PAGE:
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Everything you need to know about coronavirus restrictions from 8 June

All retail shops to reopen, groups of six allowed to meet, and travel within your own county – some of the measures kicking in from Monday.

Darcey Skelly cleaning MUJI in Dublin city centre ahead of reopening on Monday.
Darcey Skelly cleaning MUJI in Dublin city centre ahead of reopening on Monday.
Image: Sasko Lazarov/Photocall Ireland

MONDAY WILL SEE the further easing of Covid-19 restrictions at an accelerated rate from the previous roadmap, with Taoiseach Leo Varadkar calling next week’s stage “Phase Two Plus”.

At the start of May, Varadkar announced a five-step plan for lifting the measures put in place by the government to slow the spread of Covid-19. That five-step plan has been condensed down to four and a number of measures have been brought forward.

Full details of the plan can be read here

First off, public health advice is still for people to avoid unnecessary journeys and to continue to work from home if possible. 

As part of the accelerated roadmap, people will be permitted to travel anywhere within their own county, or up to 20km from home, whichever is greater from Monday. 

The government is stressing that, while restrictions on travel and on many activities have been eased, people should “stay local”. 

In terms of social visits, up to six people from different households can meet up both indoors and outdoors for a short period while maintaining strict social distancing. This is a change from the original government roadmap where just four people were allowed to meet.

Social visits also apply to the over 70s and medically vulnerable who can welcome a small number of people to their home. People are advised to wear face coverings and gloves during these visits. 

There is to be a phased reintroduction of visiting at nursing homes, starting on June 15 in homes that put in place required protocols

This is the first time since lockdown measures were introduced in Ireland that people can visit their family in their respective homes. Social distancing must still be adhered to. The advice is to respect the two-metre distancing which we have all become accustomed to over the last 12 weeks.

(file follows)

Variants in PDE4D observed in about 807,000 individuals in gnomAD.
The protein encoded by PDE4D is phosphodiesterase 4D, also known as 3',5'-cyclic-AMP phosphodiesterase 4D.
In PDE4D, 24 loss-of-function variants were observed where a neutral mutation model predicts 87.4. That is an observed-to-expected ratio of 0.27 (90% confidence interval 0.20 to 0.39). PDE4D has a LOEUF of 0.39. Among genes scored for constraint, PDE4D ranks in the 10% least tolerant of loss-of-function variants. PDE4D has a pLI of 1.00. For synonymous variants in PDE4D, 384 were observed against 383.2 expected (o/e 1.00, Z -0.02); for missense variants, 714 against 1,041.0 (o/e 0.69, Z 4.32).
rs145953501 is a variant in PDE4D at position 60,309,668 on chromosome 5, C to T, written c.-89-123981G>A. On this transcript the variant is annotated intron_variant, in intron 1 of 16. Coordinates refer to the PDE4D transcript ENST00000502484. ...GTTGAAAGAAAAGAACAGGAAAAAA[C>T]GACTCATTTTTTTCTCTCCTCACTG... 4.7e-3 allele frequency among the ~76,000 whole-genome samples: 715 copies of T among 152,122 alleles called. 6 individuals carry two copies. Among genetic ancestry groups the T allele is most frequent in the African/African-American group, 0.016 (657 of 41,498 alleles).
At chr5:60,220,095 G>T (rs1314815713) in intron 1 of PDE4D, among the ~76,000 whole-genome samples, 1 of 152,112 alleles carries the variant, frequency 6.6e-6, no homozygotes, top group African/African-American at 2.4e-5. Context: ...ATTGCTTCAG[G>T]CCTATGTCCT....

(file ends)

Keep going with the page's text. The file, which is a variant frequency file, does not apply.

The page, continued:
Up to 25 immediate family and close friends may attend funeral services for loved ones from Monday. A maximum of 10 people were permitted to attend a funeral since mid-March.

Organised outdoor exercise, sporting, cultural or social activities of up to 15 people may also take place.

People should only use public transport if they absolutely need to. Public transport capacity is limited because of social distancing requirements. It is still recommended that face coverings be worn on public transport and in public places, such as shops.  

What’s reopening?  

Most retailers will be able to open their doors from Monday, while shopping centres will also be able to open from 15 June.

Opening times will be staggered to relieve pressure on public transport and retailers will also provide dedicated hours for those who are over 70 or in an at-risk group.

The government is asking that people shop locally, shop safely and support businesses in their community.

All businesses that are reopening will have to comply with the government’s mandatory return-to-work health and safety protocols and ensure strict adherence to social distancing rules. 

In terms of cultural and social measures, public libraries with limited numbers can reopen. 

Some good news for kids, the country’s playgrounds are due to reopen Monday, with NPHET recommending they be “supervised and regularly cleaned by local authorities”. 

However, Dublin City Council has said it won’t be reopening any of its facilities until it receives further clarification from the government as it “does not operate supervised playgrounds”.